- An EC2 instance has an Instance Type associated, which controls the CPU and memory configuration. Once an instance has been created, you can change the Instance Type to a higher value or a lower value. This is also referred to as vertical scaling.
- An Amazon Machine Image (AMI) is used to specify the operating system and any further stack to be installed at the time of creation.
- An EC2 instances uses one or more Elastic Block Store (EBS) volumes as the filesystem.
- Connecting to EC2 instance: EC2 supports shell access in case of linux/UNIX and RDP access in case of Windows.
- Managing virtual firewalls (a.k.a. Security Groups) that control access to the ports on the EC2 instances.
- Various lifecycle and other management actions, such as, start/stop instance, change security groups, etc.
- Creation and management of load balancers and underlying configurations. For example, adding one or more EC2 instances to a load balancer.
Relational Database Service (RDS)
RDS allows creation and management of several popular databases in the cloud. A database instance is also referred to as an RDS Instance. As you know now, this is an example of a PaaS offering. Here are some of the key capabilities of RDS.
- The primary premise of RDS is AWS takes care of the traditional database setup and maintenance and you use it purely as a consumer. You don’t need to have database expertise in your team to set up and use RDS. At the same time, AWS does offer various capabilities that let you customize and fine tune the database instance to your needs.
- RDS supports various popular database engines (like MySQL, Postgres, Oracle, etc.). AWS also offers their own database offering – Amazon Aurora, which is a high performance database built for cloud and is compatible with MySQL and Postgres.
- It also supports multiple versions of the database engines so that you can choose the most compatible one.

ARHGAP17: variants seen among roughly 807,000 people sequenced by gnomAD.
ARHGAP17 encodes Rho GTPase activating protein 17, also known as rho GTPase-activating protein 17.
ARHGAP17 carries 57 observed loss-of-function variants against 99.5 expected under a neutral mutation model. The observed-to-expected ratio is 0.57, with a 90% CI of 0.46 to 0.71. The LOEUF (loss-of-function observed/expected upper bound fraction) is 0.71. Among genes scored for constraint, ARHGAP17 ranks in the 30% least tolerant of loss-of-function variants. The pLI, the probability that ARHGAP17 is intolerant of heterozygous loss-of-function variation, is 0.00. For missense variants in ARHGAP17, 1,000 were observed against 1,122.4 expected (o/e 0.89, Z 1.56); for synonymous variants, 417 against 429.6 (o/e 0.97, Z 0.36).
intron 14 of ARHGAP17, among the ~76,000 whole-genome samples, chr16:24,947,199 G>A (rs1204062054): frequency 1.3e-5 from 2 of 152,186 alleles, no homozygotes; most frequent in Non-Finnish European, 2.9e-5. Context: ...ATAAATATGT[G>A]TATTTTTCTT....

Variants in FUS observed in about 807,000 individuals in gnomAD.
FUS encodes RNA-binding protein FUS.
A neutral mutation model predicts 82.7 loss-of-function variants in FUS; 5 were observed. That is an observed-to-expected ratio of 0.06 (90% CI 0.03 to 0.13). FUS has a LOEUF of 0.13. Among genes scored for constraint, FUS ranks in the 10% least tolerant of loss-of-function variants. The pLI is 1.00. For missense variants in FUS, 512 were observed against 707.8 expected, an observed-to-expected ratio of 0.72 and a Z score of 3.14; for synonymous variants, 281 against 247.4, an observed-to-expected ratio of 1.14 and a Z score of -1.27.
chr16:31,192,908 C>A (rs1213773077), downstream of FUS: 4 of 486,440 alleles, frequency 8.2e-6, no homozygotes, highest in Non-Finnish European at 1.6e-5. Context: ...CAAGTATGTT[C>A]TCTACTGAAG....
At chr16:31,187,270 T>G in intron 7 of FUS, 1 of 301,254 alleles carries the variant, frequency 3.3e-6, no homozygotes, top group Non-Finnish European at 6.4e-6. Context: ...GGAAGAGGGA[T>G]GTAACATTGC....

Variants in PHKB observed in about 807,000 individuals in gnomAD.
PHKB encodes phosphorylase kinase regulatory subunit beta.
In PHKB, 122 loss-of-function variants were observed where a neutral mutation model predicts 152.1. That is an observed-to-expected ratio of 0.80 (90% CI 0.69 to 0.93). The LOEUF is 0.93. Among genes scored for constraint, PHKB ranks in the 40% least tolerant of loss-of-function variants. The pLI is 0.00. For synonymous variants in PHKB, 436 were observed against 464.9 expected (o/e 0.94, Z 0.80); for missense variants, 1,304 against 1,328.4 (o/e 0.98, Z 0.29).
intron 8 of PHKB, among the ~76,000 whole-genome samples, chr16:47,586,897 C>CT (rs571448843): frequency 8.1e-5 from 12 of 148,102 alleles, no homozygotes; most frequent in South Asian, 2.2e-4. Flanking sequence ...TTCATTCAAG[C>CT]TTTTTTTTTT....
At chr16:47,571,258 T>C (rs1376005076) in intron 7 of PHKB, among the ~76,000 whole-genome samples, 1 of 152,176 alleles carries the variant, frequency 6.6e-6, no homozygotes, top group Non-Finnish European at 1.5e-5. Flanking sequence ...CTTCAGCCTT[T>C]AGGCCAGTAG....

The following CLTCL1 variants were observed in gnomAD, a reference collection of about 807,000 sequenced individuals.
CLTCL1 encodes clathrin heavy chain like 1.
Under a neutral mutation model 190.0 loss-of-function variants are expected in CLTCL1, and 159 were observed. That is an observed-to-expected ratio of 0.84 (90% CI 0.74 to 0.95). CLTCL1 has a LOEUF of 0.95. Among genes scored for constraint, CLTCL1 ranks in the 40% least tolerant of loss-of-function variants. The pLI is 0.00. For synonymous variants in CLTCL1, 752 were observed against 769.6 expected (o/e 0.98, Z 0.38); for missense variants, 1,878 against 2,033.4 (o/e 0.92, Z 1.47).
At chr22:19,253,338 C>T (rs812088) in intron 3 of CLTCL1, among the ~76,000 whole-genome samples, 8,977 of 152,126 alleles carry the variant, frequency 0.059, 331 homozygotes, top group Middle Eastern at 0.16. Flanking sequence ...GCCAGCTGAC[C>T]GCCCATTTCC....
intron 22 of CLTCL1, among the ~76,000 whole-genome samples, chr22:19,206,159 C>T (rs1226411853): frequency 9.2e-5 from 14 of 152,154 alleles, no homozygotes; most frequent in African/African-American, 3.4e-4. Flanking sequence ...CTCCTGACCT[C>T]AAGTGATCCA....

- RDS offers multiple licensing models where applicable (such as, BYOL (Bring-Your-Own-License) and “License Included”).
- It supports both public and private deployments. In general, you should always prefer going with private deployment.
- RDS offers high availability options by deploying an RDS Instance across multiple Availability Zones. That way, if one of the AZ goes down, the database will still be available via the other AZ.
- AWS allows scheduling of RDS backup and maintenance and you can control these via the RDS Console.
- An RDS Instance can be shared by multiple applications and services for cost saving purpose.
Simple Storage Service (S3)
S3 offers a highly available and cost-effective object storage service. Here are some key capabilities of S3.
- S3 organizes objects into buckets. A bucket can be public or private.
- It offers granular access control using bucket policies. For example, granting access to a private bucket to other AWS accounts, granting access to specific IP addresses, etc.
- S3 provides additional capabilities like encryption, versioning and so on.
- S3 offers a tiered storage model, which means you can choose a more cost optimal storage depending on your usecase. For example, for a less frequently access storage you can use different storage class vs regular storage. S3 provides lifecycle policies to automatically move objects to a more optimal storage based on age.